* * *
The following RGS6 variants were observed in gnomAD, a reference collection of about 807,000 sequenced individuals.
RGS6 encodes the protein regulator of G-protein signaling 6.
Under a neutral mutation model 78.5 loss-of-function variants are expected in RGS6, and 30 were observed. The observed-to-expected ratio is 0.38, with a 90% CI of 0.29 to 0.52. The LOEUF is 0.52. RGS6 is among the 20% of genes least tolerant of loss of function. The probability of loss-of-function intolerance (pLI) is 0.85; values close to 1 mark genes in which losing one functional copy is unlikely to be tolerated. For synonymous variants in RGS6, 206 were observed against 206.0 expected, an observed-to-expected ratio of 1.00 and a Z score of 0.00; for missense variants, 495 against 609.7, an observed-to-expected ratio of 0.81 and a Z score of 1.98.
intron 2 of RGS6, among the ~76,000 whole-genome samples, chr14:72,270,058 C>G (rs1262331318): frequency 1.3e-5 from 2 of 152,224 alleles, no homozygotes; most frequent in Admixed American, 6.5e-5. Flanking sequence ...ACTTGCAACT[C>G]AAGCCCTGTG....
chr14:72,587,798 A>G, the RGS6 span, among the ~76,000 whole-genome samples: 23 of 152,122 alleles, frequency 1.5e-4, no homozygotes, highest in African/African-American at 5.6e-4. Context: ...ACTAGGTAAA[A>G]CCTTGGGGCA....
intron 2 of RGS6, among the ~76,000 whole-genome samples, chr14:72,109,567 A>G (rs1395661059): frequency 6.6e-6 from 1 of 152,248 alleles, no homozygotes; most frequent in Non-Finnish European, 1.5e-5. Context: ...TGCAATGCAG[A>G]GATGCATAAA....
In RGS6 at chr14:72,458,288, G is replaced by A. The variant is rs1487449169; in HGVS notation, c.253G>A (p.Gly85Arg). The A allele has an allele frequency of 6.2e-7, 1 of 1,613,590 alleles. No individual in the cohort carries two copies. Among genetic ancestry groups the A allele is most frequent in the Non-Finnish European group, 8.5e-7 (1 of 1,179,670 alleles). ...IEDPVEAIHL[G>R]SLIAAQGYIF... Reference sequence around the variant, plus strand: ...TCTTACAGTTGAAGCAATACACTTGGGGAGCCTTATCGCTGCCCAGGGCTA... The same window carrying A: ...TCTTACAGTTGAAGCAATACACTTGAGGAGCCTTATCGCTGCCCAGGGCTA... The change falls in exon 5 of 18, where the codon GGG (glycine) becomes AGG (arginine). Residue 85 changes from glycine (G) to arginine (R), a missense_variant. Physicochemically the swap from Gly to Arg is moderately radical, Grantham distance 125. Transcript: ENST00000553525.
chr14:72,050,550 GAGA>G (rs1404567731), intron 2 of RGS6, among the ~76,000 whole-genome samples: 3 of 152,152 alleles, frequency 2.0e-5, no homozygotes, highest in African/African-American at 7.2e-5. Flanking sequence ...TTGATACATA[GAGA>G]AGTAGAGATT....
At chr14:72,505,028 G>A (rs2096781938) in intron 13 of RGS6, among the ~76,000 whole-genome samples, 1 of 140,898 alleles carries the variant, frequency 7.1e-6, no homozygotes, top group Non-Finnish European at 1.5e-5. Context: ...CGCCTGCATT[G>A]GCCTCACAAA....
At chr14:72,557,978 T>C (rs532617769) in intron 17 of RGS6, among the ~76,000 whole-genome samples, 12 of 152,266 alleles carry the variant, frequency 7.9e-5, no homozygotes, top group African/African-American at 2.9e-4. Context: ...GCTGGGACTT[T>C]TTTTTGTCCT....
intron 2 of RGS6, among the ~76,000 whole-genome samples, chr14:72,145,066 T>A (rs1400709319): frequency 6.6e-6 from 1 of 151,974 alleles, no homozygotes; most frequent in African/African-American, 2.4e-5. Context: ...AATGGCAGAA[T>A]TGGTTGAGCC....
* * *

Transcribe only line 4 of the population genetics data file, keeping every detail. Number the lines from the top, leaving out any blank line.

intron 2 of RGS6, among the ~76,000 whole-genome samples, chr14:72,270,058 C>G (rs1262331318): frequency 1.3e-5 from 2 of 152,224 alleles, no homozygotes; most frequent in Admixed American, 6.5e-5. Flanking sequence ...ACTTGCAACT[C>G]AAGCCCTGTG....